The U.S.-Mexico border. Photo: Deposit Photos

By KELIN DILLON

After 19 months, the land border between the United States and Mexico will open for non-essential travel on Monday, Nov. 8, to people fully inoculated against covid-19 with vaccines approved by the Center for Disease Control and Prevention (CDC) and World Health Organization (WHO).

Travelers from Mexico will be able to enter the United States without presenting a negative covid test at the time, instead simply showing their vaccination paperwork. Unvaccinated persons will remain barred from traveling to the United States for all nonessential purposes.

Unvaccinated minors will be allowed to enter the United States when accompanied by their vaccinated parents.

“During the primary interaction with a Customs and Border Protection (CBP) officer at the border, the traveler will be asked about their vaccination status,” said a U.S. official. “At the discretion of CBP officers, some people will be sent to secondary inspection to verify that they have their vaccination documents.”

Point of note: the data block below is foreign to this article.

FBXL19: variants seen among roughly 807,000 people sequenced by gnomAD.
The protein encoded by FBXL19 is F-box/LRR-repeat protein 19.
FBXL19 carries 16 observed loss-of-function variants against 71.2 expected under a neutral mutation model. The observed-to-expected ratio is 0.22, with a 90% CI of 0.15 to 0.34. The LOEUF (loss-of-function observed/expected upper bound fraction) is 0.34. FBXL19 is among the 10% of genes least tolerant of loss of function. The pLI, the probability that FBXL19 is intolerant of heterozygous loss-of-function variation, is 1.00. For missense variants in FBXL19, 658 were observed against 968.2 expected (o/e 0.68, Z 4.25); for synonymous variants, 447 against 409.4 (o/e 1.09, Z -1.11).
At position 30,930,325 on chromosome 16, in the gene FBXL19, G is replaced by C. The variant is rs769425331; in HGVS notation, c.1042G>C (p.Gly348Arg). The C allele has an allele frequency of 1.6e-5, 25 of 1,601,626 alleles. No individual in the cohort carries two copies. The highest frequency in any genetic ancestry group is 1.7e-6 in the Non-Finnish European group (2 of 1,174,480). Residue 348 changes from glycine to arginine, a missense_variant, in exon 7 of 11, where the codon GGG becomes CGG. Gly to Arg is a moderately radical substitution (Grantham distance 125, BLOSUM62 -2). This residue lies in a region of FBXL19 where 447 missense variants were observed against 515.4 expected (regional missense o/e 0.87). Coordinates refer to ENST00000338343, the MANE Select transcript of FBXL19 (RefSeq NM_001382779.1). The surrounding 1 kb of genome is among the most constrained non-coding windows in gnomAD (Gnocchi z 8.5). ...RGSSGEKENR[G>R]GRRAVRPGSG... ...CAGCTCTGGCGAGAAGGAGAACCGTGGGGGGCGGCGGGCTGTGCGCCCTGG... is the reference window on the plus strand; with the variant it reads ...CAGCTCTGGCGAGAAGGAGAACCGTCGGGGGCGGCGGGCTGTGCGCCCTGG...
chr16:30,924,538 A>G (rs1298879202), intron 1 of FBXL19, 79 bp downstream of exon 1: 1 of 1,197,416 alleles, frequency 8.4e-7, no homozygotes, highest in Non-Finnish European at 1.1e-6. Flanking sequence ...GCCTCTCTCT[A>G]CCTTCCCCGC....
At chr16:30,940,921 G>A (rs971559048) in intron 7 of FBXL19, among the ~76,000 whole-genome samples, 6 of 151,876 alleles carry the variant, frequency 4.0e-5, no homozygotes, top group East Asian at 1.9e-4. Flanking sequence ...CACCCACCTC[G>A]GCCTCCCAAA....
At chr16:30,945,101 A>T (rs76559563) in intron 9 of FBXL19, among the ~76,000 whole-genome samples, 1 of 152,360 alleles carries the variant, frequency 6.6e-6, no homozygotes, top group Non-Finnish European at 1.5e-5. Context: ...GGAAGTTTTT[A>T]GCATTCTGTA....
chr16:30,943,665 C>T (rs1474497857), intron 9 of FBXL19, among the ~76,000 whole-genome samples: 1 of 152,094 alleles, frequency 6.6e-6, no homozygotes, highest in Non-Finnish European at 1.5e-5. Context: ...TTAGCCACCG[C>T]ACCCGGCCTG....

While Johnson & Johnson, Pfizer, Moderna, AstraZeneca, Sinopharm and Sinovac are all expected to be acceptable vaccinations for entry, the Russian Sputnik V and Chinese CanSino, two of the most prevalently administered vaccines in Mexico, have neither CDC nor WHO approval and will likely not be allowed for non-essential travel, a move several experts criticized as “discriminatory.”

Representatives for the United States indicated that these new measures would only be implemented for legal travelers and not applicable to undocumented migrants.

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